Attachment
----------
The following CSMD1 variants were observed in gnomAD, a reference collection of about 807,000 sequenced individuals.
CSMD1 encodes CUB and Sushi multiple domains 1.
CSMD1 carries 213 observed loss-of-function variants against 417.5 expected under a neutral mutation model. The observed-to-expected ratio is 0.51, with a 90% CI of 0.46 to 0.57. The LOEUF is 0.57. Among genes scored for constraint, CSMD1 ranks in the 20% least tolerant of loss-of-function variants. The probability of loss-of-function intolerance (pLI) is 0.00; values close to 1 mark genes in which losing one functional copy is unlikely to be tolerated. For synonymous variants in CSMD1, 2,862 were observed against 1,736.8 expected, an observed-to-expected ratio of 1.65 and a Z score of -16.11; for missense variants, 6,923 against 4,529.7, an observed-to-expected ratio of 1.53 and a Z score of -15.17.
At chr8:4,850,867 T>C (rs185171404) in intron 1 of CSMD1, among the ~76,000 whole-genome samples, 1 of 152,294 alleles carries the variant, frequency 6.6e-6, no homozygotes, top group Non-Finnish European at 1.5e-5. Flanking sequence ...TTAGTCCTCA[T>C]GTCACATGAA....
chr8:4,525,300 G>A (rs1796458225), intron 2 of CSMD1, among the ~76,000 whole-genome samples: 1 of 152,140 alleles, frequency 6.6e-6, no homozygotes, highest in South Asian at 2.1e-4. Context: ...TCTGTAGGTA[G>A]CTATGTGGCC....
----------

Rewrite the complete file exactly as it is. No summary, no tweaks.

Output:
The following CSMD1 variants were observed in gnomAD, a reference collection of about 807,000 sequenced individuals.
CSMD1 encodes CUB and Sushi multiple domains 1.
CSMD1 carries 213 observed loss-of-function variants against 417.5 expected under a neutral mutation model. The observed-to-expected ratio is 0.51, with a 90% CI of 0.46 to 0.57. The LOEUF is 0.57. Among genes scored for constraint, CSMD1 ranks in the 20% least tolerant of loss-of-function variants. The probability of loss-of-function intolerance (pLI) is 0.00; values close to 1 mark genes in which losing one functional copy is unlikely to be tolerated. For synonymous variants in CSMD1, 2,862 were observed against 1,736.8 expected, an observed-to-expected ratio of 1.65 and a Z score of -16.11; for missense variants, 6,923 against 4,529.7, an observed-to-expected ratio of 1.53 and a Z score of -15.17.
At chr8:4,850,867 T>C (rs185171404) in intron 1 of CSMD1, among the ~76,000 whole-genome samples, 1 of 152,294 alleles carries the variant, frequency 6.6e-6, no homozygotes, top group Non-Finnish European at 1.5e-5. Flanking sequence ...TTAGTCCTCA[T>C]GTCACATGAA....
chr8:4,525,300 G>A (rs1796458225), intron 2 of CSMD1, among the ~76,000 whole-genome samples: 1 of 152,140 alleles, frequency 6.6e-6, no homozygotes, highest in South Asian at 2.1e-4. Context: ...TCTGTAGGTA[G>A]CTATGTGGCC....